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NBA the real benefactor of 2-3-2

While anticipating tonight’s Game 5, I started to wonder about the 2-3-2 series format’s effect on the series as opposed to the 2-2-1-1-1 format that the NBA utilized before the 1985 finals, and the one that the NHL uses. The NBA’s justification is that it cuts down on travel burdens for both the teams and players, since they’re in different conferences and therefore likely to be located relatively far apart. But I think it has another benefit for the league.

Although I wouldn’t argue that it significantly changes the outcome of a series, I think that it alters the path a series may take to get there, in particular, the occurrence of a Game 6. This higher potential for an extra game gives the NBA more TV revenue, and gives the favored team another chance to fill its arena.

For a series decided in four games, it has no effect. Both the favored team and the underdog get two home games. A sweep is equally likely in both formats. However, when the underdog gets a chance to play Game 5 at home, assuming it’s trailing in the series, it has a better chance to force a sixth game.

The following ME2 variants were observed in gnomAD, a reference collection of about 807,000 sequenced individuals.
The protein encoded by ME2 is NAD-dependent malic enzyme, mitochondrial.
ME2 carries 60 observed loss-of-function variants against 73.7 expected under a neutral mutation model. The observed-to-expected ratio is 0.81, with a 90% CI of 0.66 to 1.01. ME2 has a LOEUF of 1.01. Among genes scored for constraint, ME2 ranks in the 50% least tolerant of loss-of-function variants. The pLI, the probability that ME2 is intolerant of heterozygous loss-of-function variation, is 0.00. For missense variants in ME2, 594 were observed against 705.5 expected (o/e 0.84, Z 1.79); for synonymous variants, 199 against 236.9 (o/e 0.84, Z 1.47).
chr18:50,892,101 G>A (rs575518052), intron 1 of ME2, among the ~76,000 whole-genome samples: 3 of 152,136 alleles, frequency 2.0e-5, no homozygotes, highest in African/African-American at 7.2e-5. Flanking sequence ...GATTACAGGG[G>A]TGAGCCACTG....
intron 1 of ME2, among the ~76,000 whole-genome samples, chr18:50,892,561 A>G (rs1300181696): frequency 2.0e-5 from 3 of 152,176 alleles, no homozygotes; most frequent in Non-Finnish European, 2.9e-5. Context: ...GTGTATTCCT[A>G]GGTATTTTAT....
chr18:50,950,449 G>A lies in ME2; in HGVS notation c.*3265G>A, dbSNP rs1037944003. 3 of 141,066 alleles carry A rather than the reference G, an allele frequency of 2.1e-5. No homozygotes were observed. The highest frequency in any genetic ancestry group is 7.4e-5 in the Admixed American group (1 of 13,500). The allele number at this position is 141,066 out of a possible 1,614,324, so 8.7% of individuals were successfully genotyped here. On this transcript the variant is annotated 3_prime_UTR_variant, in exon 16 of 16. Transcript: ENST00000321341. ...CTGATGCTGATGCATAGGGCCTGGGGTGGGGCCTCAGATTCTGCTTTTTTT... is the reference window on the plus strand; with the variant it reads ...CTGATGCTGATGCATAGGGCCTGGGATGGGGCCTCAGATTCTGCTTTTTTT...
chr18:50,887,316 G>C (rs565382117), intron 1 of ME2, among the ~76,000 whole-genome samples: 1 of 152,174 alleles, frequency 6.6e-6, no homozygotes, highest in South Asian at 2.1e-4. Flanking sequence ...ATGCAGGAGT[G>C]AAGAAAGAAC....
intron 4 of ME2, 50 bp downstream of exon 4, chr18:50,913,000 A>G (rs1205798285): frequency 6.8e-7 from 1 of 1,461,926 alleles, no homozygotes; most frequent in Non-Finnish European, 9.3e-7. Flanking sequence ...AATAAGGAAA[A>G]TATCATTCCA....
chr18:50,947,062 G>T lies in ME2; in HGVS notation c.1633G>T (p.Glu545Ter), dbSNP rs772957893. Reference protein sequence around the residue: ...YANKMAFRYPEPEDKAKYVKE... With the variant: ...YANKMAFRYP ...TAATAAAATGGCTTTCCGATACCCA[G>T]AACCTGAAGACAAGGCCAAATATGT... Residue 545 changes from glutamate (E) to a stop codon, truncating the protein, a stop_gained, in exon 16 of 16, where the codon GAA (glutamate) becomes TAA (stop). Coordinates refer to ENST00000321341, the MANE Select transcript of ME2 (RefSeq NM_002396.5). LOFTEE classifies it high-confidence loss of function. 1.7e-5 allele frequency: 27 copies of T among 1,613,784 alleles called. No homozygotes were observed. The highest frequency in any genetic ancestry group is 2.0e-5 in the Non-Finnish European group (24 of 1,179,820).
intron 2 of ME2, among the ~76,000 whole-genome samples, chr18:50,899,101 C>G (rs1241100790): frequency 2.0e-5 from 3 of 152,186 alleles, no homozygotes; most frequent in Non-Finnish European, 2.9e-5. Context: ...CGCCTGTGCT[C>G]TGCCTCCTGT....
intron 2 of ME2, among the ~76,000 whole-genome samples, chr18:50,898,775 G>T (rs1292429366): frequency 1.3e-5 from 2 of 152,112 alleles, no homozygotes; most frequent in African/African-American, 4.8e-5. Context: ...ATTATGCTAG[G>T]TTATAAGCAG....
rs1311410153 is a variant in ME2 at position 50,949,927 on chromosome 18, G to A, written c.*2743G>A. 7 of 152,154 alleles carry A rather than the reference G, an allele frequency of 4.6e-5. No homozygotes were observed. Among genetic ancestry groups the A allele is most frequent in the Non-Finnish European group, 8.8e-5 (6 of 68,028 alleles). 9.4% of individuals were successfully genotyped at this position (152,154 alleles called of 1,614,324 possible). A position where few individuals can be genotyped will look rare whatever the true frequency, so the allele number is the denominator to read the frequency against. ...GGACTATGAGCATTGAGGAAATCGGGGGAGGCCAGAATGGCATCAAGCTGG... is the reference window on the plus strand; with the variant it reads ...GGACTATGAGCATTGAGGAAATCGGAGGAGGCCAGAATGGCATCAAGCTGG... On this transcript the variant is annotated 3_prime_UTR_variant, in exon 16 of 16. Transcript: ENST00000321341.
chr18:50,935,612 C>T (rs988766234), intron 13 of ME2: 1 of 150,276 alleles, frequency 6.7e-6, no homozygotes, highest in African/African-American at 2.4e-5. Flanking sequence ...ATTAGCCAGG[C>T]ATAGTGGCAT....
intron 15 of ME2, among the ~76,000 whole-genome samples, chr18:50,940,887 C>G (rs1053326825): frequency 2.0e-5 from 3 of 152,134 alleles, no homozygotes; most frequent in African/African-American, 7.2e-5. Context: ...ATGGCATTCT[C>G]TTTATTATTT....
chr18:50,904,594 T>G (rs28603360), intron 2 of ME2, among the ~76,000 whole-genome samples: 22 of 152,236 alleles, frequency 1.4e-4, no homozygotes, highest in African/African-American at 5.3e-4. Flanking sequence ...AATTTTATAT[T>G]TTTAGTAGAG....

Even though the numbers don’t back me up on this, it just seems to make sense. What do you think?

(This series may not be the best example of this. In the time it took to fully flesh out this theory and write this post, the Magic have gone from a slight lead to trailing by double digits, but I’m still sticking by my story.)


  • Jun 17, 20093:40 am
    by Jonathan


    Perhaps this was part of their reasoning, but do you think the 2-3-2 format also makes Finals game 7s–something that appeals to the narrative of sports and draw high ratings–less likely?

    Since the format change the only series to go 7 were in 1988, 1994 and 2005–3 in 25, or 12% of the time. Before the change 13 in 37 NBA Finals went to game 7–35% of the time.

    Game 7s are usually forced by the home team winning a game 6, but the 2-3-2 format rarely allows for a team with home court advantage to be playing at home in game 6 down 2-3. This is because (a) they are (record wise, at least) the better team, and thus are less likely to be behind in the series and (b) for that to happen the team without home court advantage really needs to upset the other in game 1 or 2, or win its 3 straight home games–something done only twice since the format was introduced.

  • Jun 17, 20094:00 pm
    by Dan Feldman


    I don’t think it’s really a factor. In either system, the favorite has three home games before Game 7, and the underdog has three home games before Game 7. I don’t think the difference in order really matters as far as getting to a Game 7.

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